Is Dangal Kind Of Parenting Justified?
Though the movie Dangal is running housefull, breaking all box office records, beating demonetisation, and has already been declared a smash hit with many calling it “film of the year”.
But many are condemning the faulty and dictatorial style of parenting shown in the movie. Dangal is the true story of a father’s bulldog-like determination to make his daughters’ gold medal winners for India, and the girls’ own passage from aversion to passion for the sport. Mahavir Singh Phogat is the typical Indian parent, trying to vicariously attain his own failed dream through his children. The only thing not typical about him are his methods, extreme, even by the tiger standards of pre-2000s parenthood (according to Geeta and Babita, the real people, the film shows barely half of what they endured growing up). Forced to cut her hair short as a schoolgirl, not eat junk food or watch movies, or dance at weddings, Geeta Phogat discovers, at the National Sports Academy, not just liberation from her father’s curfew hours, but a new life, one that allows her to be a sportsperson as well as a normal young girl.
The movie, many feel is that of a man driven by his male ego. Mahavir Singh Phogat, as shown in the film, is motivated purely by the desire for sporting glory–when he cannot get it himself, he wants to get it vicariously through his kids. Everything in the film is subsumed by this quest. Most of the internal life that the other characters of the film reveal is in the context of this man’s ego, and they all bend before his will. I strongly feel that parents should not stifle the dreams and aspirations of their children. Leading the way is very different from coercing children to follow their parents’ dreams and we need to understand the stark difference between the two. The Phogat of Dangal is an obnoxious character, if you consider his actions, especially in the first half of the film, when he treats his daughters as mere instruments for his ambition, and not as humans in their own right, with their own dreams and desires. (This is, in that sense, a regressive and not progressive film.) Mahavir never for once compromised on the quality and integrity a wrestler should have. He would always be extremely tough and strict on his daughters.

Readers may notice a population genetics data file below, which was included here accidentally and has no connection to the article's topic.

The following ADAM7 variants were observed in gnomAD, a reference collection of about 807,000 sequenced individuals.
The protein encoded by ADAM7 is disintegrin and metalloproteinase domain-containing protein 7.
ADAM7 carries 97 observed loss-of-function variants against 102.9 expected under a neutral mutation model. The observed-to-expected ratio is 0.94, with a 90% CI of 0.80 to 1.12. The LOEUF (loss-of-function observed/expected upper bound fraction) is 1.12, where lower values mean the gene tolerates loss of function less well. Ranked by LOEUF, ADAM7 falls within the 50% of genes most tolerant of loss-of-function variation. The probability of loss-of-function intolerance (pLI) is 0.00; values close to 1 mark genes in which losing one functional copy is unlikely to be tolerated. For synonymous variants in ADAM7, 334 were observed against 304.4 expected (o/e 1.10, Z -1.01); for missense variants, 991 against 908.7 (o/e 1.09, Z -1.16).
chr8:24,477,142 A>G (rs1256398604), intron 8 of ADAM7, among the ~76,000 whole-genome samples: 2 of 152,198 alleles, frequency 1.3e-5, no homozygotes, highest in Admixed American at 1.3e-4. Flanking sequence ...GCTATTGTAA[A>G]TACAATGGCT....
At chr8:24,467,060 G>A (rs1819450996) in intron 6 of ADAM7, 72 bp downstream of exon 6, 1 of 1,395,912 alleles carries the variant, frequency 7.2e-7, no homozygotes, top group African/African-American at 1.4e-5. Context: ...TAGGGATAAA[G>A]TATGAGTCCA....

Is Dangal Contradicting Three Idiots And Taare Zameen Par
The dictatorial parenting in Dangal stands in sharp contrast to the message of Aamir’s previous movies such as Three Idiots and Taare Zameen Par, of believing in your child’s inherent strengths and allowing him/her to carve their own niche. ‘Perform Or Perish’ was ridiculed in these movies and is propogated in Dangal. National champion Mahavir Phogat succumbed to family pressure and quit wrestling to make both ends meet. However, the dream of winning gold made him do the unthinkable as he forced his daughters into wrestling. He made his daughters get up in the morning, undergo rigorous training, quit chulha chowka and cut short their hair to become medalist in women wrestling. And this is what has upset most of the critics who feel being cruel to and forcing one’s dream on their kids are what parents must avoid, a message conveyed in Aamir’s previous films 3 Idiots and Taare Zameen Par. And that makes Aamir self-contradictory and Mahavir Phogat a villain in the eyes of many.
Lesson in Disguise
The movie sure revolves around teaching your child to fight his/her own battles. Teaching our daughters how important it is for a girl child in India to achieve is the very soul of the movie. If your girl achieves, she inspires so many other girl children to achieve. A girl is not born or made to cook and give birth to children. She is born to achieve and you need to believe in them and their mettle. Many people believe that in light of the above facts, the Dangal parenting is definitely justified. “Perspective matters! How I would look at the movie is a father helping his daughters find an existential purpose in life and hand holding them to do so”, says a mom with three teenage daughters.